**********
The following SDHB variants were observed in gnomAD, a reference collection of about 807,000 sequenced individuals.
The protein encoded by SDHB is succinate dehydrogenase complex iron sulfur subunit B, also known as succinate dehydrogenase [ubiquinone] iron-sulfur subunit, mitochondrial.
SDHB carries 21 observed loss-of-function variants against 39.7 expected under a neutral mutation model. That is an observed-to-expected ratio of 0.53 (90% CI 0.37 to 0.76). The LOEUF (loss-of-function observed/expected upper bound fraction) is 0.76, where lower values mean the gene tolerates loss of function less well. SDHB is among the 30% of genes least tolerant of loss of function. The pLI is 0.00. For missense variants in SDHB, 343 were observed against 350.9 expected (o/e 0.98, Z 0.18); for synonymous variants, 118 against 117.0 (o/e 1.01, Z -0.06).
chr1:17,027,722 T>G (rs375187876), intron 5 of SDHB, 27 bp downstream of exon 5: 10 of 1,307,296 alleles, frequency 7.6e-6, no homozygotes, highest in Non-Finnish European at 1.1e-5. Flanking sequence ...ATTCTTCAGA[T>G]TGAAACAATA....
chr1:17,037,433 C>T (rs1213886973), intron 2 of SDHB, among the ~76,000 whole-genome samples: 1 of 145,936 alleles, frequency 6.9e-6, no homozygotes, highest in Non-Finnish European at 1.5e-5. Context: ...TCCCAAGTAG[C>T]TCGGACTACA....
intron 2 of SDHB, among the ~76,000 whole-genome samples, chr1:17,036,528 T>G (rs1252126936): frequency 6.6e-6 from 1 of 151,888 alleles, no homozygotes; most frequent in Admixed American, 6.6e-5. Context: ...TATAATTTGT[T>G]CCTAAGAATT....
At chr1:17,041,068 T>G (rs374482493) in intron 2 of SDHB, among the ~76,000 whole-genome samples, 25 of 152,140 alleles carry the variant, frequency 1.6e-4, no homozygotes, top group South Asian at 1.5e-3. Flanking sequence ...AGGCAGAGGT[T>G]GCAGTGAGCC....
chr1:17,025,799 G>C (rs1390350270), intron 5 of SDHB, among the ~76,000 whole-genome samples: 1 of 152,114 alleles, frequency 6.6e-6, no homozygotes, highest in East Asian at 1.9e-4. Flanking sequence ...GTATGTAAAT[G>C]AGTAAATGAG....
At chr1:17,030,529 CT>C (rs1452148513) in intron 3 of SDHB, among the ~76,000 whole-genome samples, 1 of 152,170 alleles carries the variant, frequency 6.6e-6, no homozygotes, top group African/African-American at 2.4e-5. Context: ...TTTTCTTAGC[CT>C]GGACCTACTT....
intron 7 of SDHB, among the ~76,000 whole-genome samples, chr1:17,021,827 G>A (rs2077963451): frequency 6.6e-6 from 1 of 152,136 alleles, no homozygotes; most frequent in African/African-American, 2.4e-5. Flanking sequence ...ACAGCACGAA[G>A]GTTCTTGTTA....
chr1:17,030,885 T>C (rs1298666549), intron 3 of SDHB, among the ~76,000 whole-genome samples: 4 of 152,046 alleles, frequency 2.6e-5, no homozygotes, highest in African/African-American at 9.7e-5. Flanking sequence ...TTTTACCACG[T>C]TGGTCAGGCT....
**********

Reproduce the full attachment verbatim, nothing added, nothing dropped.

The following SDHB variants were observed in gnomAD, a reference collection of about 807,000 sequenced individuals.
The protein encoded by SDHB is succinate dehydrogenase complex iron sulfur subunit B, also known as succinate dehydrogenase [ubiquinone] iron-sulfur subunit, mitochondrial.
SDHB carries 21 observed loss-of-function variants against 39.7 expected under a neutral mutation model. That is an observed-to-expected ratio of 0.53 (90% CI 0.37 to 0.76). The LOEUF (loss-of-function observed/expected upper bound fraction) is 0.76, where lower values mean the gene tolerates loss of function less well. SDHB is among the 30% of genes least tolerant of loss of function. The pLI is 0.00. For missense variants in SDHB, 343 were observed against 350.9 expected (o/e 0.98, Z 0.18); for synonymous variants, 118 against 117.0 (o/e 1.01, Z -0.06).
chr1:17,027,722 T>G (rs375187876), intron 5 of SDHB, 27 bp downstream of exon 5: 10 of 1,307,296 alleles, frequency 7.6e-6, no homozygotes, highest in Non-Finnish European at 1.1e-5. Flanking sequence ...ATTCTTCAGA[T>G]TGAAACAATA....
chr1:17,037,433 C>T (rs1213886973), intron 2 of SDHB, among the ~76,000 whole-genome samples: 1 of 145,936 alleles, frequency 6.9e-6, no homozygotes, highest in Non-Finnish European at 1.5e-5. Context: ...TCCCAAGTAG[C>T]TCGGACTACA....
intron 2 of SDHB, among the ~76,000 whole-genome samples, chr1:17,036,528 T>G (rs1252126936): frequency 6.6e-6 from 1 of 151,888 alleles, no homozygotes; most frequent in Admixed American, 6.6e-5. Context: ...TATAATTTGT[T>G]CCTAAGAATT....
At chr1:17,041,068 T>G (rs374482493) in intron 2 of SDHB, among the ~76,000 whole-genome samples, 25 of 152,140 alleles carry the variant, frequency 1.6e-4, no homozygotes, top group South Asian at 1.5e-3. Flanking sequence ...AGGCAGAGGT[T>G]GCAGTGAGCC....
chr1:17,025,799 G>C (rs1390350270), intron 5 of SDHB, among the ~76,000 whole-genome samples: 1 of 152,114 alleles, frequency 6.6e-6, no homozygotes, highest in East Asian at 1.9e-4. Flanking sequence ...GTATGTAAAT[G>C]AGTAAATGAG....
At chr1:17,030,529 CT>C (rs1452148513) in intron 3 of SDHB, among the ~76,000 whole-genome samples, 1 of 152,170 alleles carries the variant, frequency 6.6e-6, no homozygotes, top group African/African-American at 2.4e-5. Context: ...TTTTCTTAGC[CT>C]GGACCTACTT....
intron 7 of SDHB, among the ~76,000 whole-genome samples, chr1:17,021,827 G>A (rs2077963451): frequency 6.6e-6 from 1 of 152,136 alleles, no homozygotes; most frequent in African/African-American, 2.4e-5. Flanking sequence ...ACAGCACGAA[G>A]GTTCTTGTTA....
chr1:17,030,885 T>C (rs1298666549), intron 3 of SDHB, among the ~76,000 whole-genome samples: 4 of 152,046 alleles, frequency 2.6e-5, no homozygotes, highest in African/African-American at 9.7e-5. Flanking sequence ...TTTTACCACG[T>C]TGGTCAGGCT....